23. The CBI advocated "modernisation" rather than decentralisation. Both the substantive and procedural rules should be updated. The CBI supported a more deregulatory and discerning approach. The US experience showed that it was not necessary to take such a formalistic and expansive approach to anti-trust rules. Mr Ogilvie Smals said that the Commission were "fishing up a lot of sprats and not a sufficiently high proportion of mackerels". The substantive rules needed to be updated. The boundaries between legality and illegality under Article 81 should be more clearly marked. More appropriate thresholds at which agreements would be deemed to have an appreciable adverse effect on competition should be set. The recent draft block exemption on vertical restraints was a step in the right direction that could be taken further. The EC regime should follow that adopted in the UK Competition Act where exemptions could be backdated and notifications made at any stage as the need arose. Industry might be required to bear a greater burden of providing information in notifications. The Commission's working practices should also be overhauled. There were numerous ways in which actual modernisation could be achieved and by which the existing system could be made to work much more effectively. Experience under the Merger Regulation showed what could be done, though the Commission would have to be adequately resourced. Timetables should be introduced and language and publication requirements reduced. Comfort letters might be converted into short form decisions having binding effect. Adoption by the Commission of a leniency programme on the lines of that employed in the USA might yield better results in uncovering cartels than allocating more staff and other resources to the task (pp 10, 14-17, QQ 32, 34, 40, 43, 68, 71-74).

Abolition of the notification/authorisation regime

24. Parties to an agreement seeking an exemption decision from the Commission are required to notify their agreement to the Commission ex ante. The Commission has the monopoly over such decisions. Neither a national competition authority nor a national court can grant an exemption. Professor Whish said that the new system would be a very different one from the present one. It would not as a general rule be possible for agreements to be formally notified to the Commission. Exemption from the prohibition of Article 81(1) would not be dependent on an administrative act on the part of the Commission. In future, decisions on the application of the totality of Article 81 could be made by national competition authorities, national courts and by the Commission (QQ 9-10).

25. Notification was currently effected through form A/B. This frequently required a large volume of information and sophisticated argumentation to be prepared, collated and supplied to the Commission. Professor Whish said: "Completing form A/B is a substantial piece of work. The costs involved can be considerable and the burden on management time can be considerable because a lot of data is requested and the data does not necessarily exist; it may have to be generated for the purpose of the notification. So one should not underestimate the burden on the parties" (Q 7). Mr Freeman (Joint Working Party) said: "it is not something which is done lightly … you may well get 17 large lever arch files going in a single notification" (Q 85). Mr Ogilvie Smals, for the CBI, described completion of form A/B as a fairly expensive exercise - "in a simple case you are talking of £15,000 or more with external professional advisers, not counting the cost of time". The sheer cost of the system operated as a filter (Q 37). Mr Cowen (CBI) added: " If it is £15,000 or whatever it costs for a notification the delay in not being on the market because you are waiting for an answer is often a very significant burden as well". But even that cost had to be set against the degree of legal certainty obtainable, particularly in the case of large multi-million pound commercial transactions (Q 38).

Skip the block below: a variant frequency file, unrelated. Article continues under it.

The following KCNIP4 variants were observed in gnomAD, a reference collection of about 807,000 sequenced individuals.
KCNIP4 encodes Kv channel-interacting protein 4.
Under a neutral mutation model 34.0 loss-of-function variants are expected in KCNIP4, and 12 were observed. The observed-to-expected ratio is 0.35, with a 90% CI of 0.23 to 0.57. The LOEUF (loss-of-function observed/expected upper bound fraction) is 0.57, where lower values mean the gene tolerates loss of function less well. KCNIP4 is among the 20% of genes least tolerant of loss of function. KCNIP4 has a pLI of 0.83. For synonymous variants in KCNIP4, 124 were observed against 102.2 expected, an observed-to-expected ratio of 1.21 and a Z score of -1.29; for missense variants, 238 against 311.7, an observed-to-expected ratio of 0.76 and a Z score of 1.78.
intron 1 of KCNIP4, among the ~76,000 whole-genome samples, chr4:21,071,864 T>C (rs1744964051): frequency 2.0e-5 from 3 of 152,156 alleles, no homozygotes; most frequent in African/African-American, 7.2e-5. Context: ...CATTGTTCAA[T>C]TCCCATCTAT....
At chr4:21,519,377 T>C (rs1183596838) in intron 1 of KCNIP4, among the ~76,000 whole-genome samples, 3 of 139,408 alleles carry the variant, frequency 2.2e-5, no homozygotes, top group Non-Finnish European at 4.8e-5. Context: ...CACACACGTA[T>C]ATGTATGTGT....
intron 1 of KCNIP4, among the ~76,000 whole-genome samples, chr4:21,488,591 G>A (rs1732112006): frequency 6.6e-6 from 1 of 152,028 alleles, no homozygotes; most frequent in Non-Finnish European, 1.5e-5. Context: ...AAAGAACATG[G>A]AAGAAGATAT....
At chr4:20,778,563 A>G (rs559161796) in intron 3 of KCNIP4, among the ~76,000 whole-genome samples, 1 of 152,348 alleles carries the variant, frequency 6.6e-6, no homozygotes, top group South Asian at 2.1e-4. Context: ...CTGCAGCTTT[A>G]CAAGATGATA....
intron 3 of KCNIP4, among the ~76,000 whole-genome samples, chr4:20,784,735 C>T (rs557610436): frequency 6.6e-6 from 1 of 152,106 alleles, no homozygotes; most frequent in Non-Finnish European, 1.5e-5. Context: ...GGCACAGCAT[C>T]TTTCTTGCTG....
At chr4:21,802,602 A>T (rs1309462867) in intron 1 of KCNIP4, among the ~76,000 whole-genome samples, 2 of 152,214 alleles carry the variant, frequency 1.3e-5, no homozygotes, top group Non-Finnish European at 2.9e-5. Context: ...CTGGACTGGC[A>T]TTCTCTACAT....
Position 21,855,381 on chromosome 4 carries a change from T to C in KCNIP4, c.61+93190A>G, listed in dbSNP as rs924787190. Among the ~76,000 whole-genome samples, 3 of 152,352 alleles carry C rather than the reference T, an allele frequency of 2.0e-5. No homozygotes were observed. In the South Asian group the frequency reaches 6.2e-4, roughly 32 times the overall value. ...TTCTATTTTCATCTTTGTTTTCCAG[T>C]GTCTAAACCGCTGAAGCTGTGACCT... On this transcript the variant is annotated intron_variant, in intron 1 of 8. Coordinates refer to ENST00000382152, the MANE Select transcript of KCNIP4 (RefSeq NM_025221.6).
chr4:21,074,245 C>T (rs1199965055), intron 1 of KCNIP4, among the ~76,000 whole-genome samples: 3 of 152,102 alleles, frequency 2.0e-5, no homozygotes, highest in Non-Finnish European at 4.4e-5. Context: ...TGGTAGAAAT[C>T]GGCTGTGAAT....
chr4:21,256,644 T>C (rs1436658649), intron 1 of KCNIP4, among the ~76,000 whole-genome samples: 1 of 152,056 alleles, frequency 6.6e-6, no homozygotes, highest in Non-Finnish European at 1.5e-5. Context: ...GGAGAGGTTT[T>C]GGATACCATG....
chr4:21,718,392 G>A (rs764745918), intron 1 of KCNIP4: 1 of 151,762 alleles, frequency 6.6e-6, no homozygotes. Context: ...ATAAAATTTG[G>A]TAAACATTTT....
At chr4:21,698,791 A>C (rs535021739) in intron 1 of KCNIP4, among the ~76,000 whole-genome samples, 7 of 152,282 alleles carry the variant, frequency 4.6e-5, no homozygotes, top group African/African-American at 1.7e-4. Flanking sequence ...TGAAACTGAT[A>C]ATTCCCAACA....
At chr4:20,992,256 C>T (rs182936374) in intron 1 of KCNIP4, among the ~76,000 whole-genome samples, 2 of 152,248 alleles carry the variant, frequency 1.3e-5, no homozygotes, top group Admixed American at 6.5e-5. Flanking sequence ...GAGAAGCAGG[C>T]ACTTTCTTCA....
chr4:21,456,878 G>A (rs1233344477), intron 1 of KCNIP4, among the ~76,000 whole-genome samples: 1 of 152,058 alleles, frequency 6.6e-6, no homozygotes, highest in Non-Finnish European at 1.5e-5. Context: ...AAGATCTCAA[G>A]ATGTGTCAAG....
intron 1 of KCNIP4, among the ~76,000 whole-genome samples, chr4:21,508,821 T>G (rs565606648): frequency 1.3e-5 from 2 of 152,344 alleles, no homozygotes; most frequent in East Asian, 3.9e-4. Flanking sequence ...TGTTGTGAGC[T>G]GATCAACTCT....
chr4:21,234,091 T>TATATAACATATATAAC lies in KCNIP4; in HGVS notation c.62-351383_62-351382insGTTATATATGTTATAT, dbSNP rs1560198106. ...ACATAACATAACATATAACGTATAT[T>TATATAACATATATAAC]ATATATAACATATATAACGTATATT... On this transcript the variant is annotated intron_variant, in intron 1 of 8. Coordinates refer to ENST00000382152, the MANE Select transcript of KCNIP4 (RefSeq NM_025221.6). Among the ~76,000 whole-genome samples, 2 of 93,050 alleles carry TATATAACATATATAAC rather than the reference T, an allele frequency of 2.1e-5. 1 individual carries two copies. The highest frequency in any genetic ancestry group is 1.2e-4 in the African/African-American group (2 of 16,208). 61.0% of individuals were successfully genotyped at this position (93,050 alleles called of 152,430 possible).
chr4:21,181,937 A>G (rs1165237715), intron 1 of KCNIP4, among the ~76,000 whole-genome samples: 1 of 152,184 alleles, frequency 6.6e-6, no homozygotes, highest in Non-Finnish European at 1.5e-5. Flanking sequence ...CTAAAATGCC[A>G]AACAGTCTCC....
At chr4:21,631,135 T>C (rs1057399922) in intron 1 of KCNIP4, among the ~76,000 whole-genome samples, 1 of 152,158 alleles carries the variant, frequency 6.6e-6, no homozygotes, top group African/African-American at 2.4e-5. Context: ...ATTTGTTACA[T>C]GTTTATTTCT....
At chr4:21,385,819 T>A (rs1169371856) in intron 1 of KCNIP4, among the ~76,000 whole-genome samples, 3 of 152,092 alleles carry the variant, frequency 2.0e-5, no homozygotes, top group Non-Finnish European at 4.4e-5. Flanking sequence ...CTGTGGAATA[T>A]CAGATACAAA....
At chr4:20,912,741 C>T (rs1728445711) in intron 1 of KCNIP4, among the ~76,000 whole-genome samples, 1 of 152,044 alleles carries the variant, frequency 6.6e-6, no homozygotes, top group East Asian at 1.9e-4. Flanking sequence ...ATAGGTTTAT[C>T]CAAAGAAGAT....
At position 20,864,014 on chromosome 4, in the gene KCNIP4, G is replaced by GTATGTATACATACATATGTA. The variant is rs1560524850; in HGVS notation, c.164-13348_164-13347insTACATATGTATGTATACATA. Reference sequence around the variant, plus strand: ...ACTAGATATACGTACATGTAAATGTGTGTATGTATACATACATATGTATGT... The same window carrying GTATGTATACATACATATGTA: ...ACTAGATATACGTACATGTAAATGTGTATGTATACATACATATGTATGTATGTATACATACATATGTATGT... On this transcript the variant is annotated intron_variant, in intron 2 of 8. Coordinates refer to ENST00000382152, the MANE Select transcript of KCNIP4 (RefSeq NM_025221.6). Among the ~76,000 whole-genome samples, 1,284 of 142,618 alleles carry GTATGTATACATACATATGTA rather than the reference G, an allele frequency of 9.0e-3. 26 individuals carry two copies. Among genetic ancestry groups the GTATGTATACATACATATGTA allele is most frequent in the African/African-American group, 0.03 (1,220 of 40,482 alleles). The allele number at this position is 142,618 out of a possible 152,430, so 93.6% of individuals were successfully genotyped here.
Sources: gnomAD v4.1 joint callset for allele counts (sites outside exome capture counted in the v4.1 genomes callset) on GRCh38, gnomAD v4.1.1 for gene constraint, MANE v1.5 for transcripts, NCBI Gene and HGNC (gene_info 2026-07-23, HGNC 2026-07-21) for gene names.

26. Professor Whish said that it was understandable that the function should at the outset have been given to the Commission. The issues to be determined under Article 81(3) were very complex. The tests to be applied were capable of drawing in a whole range of Community policies. With one exception (Germany) Member States had, at the time the procedural regulations implementing Articles 81 and 82 were being devised, little experience in applying competition laws. It was useful that, through the notification procedure, information on commercial practice and behaviour could be collected by a body such as the Commission. It was important in the early years of the Community that such practices should not be allowed to impede the process of single market integration (QQ 4-5). Professor Whish added that in future notification would be less important for two reasons. Firstly, a broader block exemption for vertical agreements would take effect in 2000. Secondly, an important change had recently been made (by Regulation 1216/99) to Regulation 17/62, the effect of which was that it was no longer necessary to pre-notify a vertical agreement in order to benefit from an exemption. It was worth considering whether the latter should be extended to all agreements (Q 29). Mr Jeremy Lever QC and Mr George Peretz, barristers practising in competition law, did not believe those changes would suffice and put forward a number of proposals including the introduction of a scheme of provisional validity for notified agreements (p 158).